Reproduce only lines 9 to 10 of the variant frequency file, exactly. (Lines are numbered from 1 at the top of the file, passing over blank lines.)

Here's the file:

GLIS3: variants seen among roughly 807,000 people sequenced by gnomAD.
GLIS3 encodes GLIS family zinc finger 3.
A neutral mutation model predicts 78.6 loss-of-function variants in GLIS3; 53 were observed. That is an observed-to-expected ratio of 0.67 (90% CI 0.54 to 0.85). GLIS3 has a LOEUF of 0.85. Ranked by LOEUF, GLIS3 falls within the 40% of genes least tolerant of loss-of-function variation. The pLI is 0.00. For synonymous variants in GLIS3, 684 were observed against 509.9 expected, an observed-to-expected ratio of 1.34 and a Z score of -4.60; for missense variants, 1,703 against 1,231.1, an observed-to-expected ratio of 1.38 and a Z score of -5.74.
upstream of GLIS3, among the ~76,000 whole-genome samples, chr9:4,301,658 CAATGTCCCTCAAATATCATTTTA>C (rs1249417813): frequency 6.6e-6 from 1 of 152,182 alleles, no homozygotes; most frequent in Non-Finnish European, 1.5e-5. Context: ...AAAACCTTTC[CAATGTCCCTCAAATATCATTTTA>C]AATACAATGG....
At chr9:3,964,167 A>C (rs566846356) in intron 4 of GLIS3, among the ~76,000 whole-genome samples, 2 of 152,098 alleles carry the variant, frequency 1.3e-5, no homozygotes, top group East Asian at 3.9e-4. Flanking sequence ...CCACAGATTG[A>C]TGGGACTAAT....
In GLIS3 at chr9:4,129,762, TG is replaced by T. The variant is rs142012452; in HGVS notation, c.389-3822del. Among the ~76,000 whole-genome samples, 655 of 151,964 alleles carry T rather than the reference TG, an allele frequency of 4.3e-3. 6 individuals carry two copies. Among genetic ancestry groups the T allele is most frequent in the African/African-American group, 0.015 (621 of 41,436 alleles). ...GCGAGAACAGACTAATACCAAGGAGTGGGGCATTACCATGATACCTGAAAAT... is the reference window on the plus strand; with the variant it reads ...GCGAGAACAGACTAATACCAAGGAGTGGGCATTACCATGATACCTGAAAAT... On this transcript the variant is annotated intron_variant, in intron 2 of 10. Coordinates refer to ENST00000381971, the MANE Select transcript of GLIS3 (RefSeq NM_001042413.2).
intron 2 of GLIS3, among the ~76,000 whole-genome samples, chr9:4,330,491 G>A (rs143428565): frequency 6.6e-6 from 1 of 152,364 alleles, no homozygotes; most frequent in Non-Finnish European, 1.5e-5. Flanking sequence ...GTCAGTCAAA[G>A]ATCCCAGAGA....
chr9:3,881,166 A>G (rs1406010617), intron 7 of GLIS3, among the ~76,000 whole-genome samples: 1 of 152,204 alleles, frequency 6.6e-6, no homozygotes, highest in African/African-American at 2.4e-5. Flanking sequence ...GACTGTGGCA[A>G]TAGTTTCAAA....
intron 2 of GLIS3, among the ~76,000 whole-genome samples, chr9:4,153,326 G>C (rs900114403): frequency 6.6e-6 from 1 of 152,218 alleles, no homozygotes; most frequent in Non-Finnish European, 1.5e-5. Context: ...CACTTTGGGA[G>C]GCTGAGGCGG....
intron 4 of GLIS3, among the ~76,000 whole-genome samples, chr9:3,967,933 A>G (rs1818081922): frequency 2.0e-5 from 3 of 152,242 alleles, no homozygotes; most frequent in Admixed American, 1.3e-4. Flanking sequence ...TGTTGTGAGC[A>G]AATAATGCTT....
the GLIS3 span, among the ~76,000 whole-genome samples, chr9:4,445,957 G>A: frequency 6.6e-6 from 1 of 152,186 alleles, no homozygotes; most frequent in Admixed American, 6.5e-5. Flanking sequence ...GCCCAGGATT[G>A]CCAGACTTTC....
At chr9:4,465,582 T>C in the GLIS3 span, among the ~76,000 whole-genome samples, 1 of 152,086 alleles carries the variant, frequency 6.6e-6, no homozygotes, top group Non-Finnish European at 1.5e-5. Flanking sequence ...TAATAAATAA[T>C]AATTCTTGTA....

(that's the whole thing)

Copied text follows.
intron 2 of GLIS3, among the ~76,000 whole-genome samples, chr9:4,153,326 G>C (rs900114403): frequency 6.6e-6 from 1 of 152,218 alleles, no homozygotes; most frequent in Non-Finnish European, 1.5e-5. Context: ...CACTTTGGGA[G>C]GCTGAGGCGG....
intron 4 of GLIS3, among the ~76,000 whole-genome samples, chr9:3,967,933 A>G (rs1818081922): frequency 2.0e-5 from 3 of 152,242 alleles, no homozygotes; most frequent in Admixed American, 1.3e-4. Flanking sequence ...TGTTGTGAGC[A>G]AATAATGCTT....